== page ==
Businesses and divorce

We understand family businesses...

Understanding the structure and value of a family business is key in a divorce. Every business is different. Specialist advice on your options and choosing the right approach is essential.

Dealing with the financial fallout from a divorce can be challenging legally but also emotionally. This is certainly true when the divorce involves a family business. Yes, it's an asset that needs to be taken into account in the overall divorce settlement, but it's not the same as cash in the bank or the family home. You might be able to sell it, but that may the last thing you want to do if it provides the family's main income or you plan to pass it on to your children. 

There are potentially complex issues to be considered. Valuing a business on divorce is not straightforward.  You need to assess the size and nature of the shareholdings, business and personal tax, the position of any other family or non-family owners and whether or how value can be extracted without undermining its future profitability.

Getting the right outcome requires more than just family law expertise. At Mills & Reeve our family team is part of a major national firm. We work closely with our business lawyer colleagues in our corporate and tax teams, and trusted external specialists, to provide you with timely, comprehensive and cost-effective service, advice and representation.

When dealing with businesses in a divorce or in connection with preparing a marital agreement (pre- or post-nup) you need to ask a number of questions including;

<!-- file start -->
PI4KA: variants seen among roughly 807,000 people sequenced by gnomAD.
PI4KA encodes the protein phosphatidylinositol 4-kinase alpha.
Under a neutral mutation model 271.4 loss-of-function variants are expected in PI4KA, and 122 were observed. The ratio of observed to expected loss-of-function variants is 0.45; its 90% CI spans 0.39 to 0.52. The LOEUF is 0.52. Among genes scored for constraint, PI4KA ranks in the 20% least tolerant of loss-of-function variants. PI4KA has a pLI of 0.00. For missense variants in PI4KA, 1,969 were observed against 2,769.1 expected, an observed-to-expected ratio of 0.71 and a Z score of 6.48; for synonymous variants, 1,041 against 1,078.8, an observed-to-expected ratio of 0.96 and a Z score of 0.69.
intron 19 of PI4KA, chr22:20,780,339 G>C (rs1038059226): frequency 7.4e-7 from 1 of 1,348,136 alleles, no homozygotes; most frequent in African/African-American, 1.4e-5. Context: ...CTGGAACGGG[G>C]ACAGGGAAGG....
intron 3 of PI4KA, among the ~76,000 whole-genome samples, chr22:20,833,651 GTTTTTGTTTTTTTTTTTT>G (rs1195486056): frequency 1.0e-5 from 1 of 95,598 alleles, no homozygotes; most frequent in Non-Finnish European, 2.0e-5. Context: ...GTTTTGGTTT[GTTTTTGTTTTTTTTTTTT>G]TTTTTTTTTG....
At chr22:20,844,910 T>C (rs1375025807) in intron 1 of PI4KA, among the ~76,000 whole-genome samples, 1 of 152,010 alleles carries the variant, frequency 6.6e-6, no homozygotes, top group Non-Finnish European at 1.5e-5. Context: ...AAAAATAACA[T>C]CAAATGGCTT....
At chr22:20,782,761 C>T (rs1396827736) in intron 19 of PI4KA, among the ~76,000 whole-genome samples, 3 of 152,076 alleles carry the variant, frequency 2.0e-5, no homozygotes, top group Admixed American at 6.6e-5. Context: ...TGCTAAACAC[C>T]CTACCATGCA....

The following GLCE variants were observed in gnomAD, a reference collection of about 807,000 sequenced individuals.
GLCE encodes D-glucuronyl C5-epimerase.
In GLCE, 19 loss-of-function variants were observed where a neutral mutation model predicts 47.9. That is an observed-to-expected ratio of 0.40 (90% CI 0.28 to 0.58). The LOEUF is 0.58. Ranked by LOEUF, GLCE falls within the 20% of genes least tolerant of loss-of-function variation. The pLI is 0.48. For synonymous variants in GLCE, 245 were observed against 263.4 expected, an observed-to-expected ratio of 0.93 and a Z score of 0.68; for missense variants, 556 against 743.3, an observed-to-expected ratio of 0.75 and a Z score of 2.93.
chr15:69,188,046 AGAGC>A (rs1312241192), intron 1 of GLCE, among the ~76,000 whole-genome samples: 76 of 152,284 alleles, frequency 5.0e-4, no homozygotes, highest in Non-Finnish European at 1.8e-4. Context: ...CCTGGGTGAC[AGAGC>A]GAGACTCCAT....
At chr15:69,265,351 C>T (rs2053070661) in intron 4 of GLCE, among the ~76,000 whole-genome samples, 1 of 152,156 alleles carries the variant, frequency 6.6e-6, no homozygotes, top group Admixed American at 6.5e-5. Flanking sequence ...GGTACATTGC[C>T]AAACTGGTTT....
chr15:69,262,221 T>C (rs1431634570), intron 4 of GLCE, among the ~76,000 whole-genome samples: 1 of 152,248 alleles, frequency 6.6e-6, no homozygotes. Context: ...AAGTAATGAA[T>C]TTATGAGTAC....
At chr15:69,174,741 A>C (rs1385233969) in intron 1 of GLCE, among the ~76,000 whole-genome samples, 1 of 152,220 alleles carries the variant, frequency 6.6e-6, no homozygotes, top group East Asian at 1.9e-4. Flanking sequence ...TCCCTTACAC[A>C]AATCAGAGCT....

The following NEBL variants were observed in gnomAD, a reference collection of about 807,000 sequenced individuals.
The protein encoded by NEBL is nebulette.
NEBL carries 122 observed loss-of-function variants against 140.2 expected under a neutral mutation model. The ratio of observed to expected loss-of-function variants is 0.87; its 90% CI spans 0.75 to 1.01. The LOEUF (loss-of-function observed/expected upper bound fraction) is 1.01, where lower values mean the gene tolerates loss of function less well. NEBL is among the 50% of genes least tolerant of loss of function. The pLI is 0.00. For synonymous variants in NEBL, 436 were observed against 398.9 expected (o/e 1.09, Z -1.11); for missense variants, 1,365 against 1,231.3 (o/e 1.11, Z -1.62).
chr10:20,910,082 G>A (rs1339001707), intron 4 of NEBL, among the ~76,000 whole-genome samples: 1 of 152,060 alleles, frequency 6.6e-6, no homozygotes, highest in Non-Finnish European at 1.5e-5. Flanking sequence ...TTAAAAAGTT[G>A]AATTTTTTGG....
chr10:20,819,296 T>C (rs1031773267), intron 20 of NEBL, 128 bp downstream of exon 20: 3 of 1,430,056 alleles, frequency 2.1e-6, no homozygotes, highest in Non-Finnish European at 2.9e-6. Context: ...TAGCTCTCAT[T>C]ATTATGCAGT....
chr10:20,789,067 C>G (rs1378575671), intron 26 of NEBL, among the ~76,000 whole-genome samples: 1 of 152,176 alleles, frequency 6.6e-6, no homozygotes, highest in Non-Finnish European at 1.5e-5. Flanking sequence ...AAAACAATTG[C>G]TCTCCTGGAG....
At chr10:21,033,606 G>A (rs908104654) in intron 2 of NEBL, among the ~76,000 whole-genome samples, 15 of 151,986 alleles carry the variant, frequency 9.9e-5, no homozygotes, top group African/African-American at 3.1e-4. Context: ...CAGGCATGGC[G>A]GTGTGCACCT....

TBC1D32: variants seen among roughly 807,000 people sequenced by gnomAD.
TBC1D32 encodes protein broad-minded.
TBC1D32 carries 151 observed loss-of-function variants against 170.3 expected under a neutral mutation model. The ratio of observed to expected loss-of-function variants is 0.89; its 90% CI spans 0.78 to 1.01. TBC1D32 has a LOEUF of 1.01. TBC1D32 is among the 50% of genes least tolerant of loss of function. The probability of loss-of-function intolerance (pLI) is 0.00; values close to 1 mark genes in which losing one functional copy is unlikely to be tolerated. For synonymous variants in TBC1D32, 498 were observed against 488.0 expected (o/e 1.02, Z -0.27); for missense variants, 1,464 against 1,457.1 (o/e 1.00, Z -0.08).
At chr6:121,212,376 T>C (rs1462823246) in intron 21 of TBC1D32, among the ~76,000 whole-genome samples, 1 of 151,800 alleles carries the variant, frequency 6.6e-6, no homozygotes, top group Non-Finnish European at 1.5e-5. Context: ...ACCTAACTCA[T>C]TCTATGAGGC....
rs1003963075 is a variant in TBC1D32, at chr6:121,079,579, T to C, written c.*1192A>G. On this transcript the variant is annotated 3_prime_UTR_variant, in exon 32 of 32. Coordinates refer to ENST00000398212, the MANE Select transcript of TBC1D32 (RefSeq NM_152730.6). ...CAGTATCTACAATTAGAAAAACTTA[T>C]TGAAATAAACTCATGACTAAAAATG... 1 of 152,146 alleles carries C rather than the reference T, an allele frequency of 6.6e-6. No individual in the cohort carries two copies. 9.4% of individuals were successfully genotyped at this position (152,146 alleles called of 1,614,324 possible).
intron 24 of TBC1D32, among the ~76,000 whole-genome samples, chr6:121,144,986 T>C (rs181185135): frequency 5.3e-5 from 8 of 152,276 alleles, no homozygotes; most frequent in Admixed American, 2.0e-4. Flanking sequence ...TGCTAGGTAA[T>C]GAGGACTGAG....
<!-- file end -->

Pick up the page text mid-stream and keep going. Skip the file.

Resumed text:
• What type of business structure is it? Sole trader; partnership; limited liability partnerships (LLP); limited company? 
  • What does it do? Property development or investment; manufacturing; IT; tech; farming?
  • When did it start trading? Has it been in the wider family for many years? Or was it built up by one or both of you during the marriage or started before then, perhaps by previous generations of the family?
  • If it is a limited company who are the shareholders; what are their roles; is anyone absolutely central to the business's success; and what overall percentage of the shares do they each have?
  • What are your objectives when it comes to the way the business should be dealt with? Are you agreed as a couple that one of you is looking to keep their interest in the business perhaps with the other receiving more of the other family assets or is it going to be sold ?

These are some headline questions. We then need a more detailed analysis. For example, if we're looking at a parent company, we'll need to know the net value of the underlying assets before then seeing how that feeds into the value of the shares.  If it's a farming business what quotas and subsidies are there? Is there a family trust involved?

Our family law experts understand the law not just in theory but in practice. Our lawyers have shared their expertise and knowledge in two business books, Divorce and the Farm and Divorce and the Family Business. We have developed cross-professional working relationships within and outside the firm so you have access to all the expertise you need.


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